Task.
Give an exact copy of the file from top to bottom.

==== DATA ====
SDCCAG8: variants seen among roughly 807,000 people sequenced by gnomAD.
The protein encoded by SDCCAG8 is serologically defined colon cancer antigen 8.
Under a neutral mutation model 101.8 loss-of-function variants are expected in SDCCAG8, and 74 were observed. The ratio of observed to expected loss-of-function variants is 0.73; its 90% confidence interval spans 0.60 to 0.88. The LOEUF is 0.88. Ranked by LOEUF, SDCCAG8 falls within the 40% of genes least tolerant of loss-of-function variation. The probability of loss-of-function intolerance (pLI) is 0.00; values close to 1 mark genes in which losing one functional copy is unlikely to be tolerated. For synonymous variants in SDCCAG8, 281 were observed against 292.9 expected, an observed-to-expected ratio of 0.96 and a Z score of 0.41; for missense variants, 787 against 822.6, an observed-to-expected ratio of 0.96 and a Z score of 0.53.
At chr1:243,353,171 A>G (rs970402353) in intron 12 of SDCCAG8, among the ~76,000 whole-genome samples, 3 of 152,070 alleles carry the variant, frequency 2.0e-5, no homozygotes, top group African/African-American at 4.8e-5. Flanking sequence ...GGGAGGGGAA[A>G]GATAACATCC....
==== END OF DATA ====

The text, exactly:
SDCCAG8: variants seen among roughly 807,000 people sequenced by gnomAD.
The protein encoded by SDCCAG8 is serologically defined colon cancer antigen 8.
Under a neutral mutation model 101.8 loss-of-function variants are expected in SDCCAG8, and 74 were observed. The ratio of observed to expected loss-of-function variants is 0.73; its 90% confidence interval spans 0.60 to 0.88. The LOEUF is 0.88. Ranked by LOEUF, SDCCAG8 falls within the 40% of genes least tolerant of loss-of-function variation. The probability of loss-of-function intolerance (pLI) is 0.00; values close to 1 mark genes in which losing one functional copy is unlikely to be tolerated. For synonymous variants in SDCCAG8, 281 were observed against 292.9 expected, an observed-to-expected ratio of 0.96 and a Z score of 0.41; for missense variants, 787 against 822.6, an observed-to-expected ratio of 0.96 and a Z score of 0.53.
At chr1:243,353,171 A>G (rs970402353) in intron 12 of SDCCAG8, among the ~76,000 whole-genome samples, 3 of 152,070 alleles carry the variant, frequency 2.0e-5, no homozygotes, top group African/African-American at 4.8e-5. Flanking sequence ...GGGAGGGGAA[A>G]GATAACATCC....